From the Council of Australian Governments – 22 April 2010 – COAG said this week it would look at competition issues in land supply as part of its inquriy to target the slow supply of new housing, house price pressures, population growth and “a healthy economy continuing to add to strong housing demand.”

“Housing supply has not responded as strongly as it could have to this demand.  Unless demand-side pressures are well understood and supply-side constraints are identified and addressed it is likely there will be greater pressure on house prices,” COAG said.

Following is an extract for its statement of intention.

“The housing supply pipeline comprises the stages of housing development from land identification, release and zoning, through to infrastructure planning and subdivision approval, construction and titling of the subdivision, and finally dwelling approval and construction.

“The National Housing Supply Council has found significant variation across jurisdictions in the time taken for each of these stages, and identified the need for continuing effort to improve the efficiency of the planning system.

“COAG today endorsed a housing supply and affordability reform agenda and timeline (below).  The agenda focuses on the primary areas where gains may be achieved in decreasing the time it takes to bring housing to the market, reforming government policies that act as barriers to supply or that artificially stimulate demand and ensuring efficient use of existing housing stock.”

Areas for potential reform include “planning and zoning governance reforms; considering national principles for residential development infrastructure charging; examining relevant Commonwealth and State taxation settings (with the timing to be dependent on the Commonwealth Government’s response to Australia’s Future Tax System).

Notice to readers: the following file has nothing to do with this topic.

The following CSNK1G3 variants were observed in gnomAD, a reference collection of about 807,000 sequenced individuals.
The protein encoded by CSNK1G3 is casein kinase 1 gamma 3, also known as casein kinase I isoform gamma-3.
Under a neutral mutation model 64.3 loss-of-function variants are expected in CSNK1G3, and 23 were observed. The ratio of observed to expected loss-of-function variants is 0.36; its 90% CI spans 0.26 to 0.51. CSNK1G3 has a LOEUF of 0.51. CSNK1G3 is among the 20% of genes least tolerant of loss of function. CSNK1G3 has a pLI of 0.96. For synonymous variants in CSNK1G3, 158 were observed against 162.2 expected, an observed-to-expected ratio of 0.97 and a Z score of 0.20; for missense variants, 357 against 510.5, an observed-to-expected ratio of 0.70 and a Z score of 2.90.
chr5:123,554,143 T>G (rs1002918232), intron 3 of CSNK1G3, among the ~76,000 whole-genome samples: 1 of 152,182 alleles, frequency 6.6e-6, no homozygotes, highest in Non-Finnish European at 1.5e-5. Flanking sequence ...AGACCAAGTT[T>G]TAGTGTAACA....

Competition in land

The reform may also include “extending government land audits and examining private holdings of large parcels of land to assess the scope for increasing competition and bringing land quickly to market.

Housing reform agenda and timeline

The Housing Supply and Affordability Reform Working Party will report to COAG, via the Ministerial Council for Federal Financial Relations, on the housing supply pipeline, comprising an examination of:

  • the potential to reform land aggregation, zoning and planning processes and governance, including assessing and leveraging the work of Housing and Planning Ministers and the Business Regulation and Competition Working Group (by mid-2010),
  • nationally consistent principles for housing development infrastructure charges (by mid-2010),
  • the merits of measures to ensure greater consistency across jurisdictions, including local governments planning approval processes, in the application of building regulations (by mid-2010),
  • the impacts of titling systems (such as residential strata title arrangements) on the housing supply market (by end-2010),
  • the efficiency and effectiveness of housing supply/land release targets (by end-2010),
  • whether strategic planning requirements for cities should be extended to other high growth/large population regions across the country (mid-2011)
  • extending the land audit work to examine ‘underutilised’ land and to examine private holdings of large parcels of land (by mid-2010) government policies that may act as barriers to supply or that stimulate demand.

The land audit will include  examination of the impact of:

  • the First Home Owners Scheme (by end-2010)
  • Commonwealth policies that impact the housing market (by end-2010)
  • both Commonwealth and State energy efficiency regulations and environmental acts, including the Environmental Protection and Biodiversity Conservation Act 1999, on house prices (by end-2010),
  • both supply and demand side affordable housing initiatives (such as inclusionary zoning, dwelling mix and distribution of lot sizes) on the housing market (by mid-2011)
  • relevant Commonwealth and State taxation settings (with timeline to be dependent on the Commonwealth government’s response to Australia’s Future Tax System).

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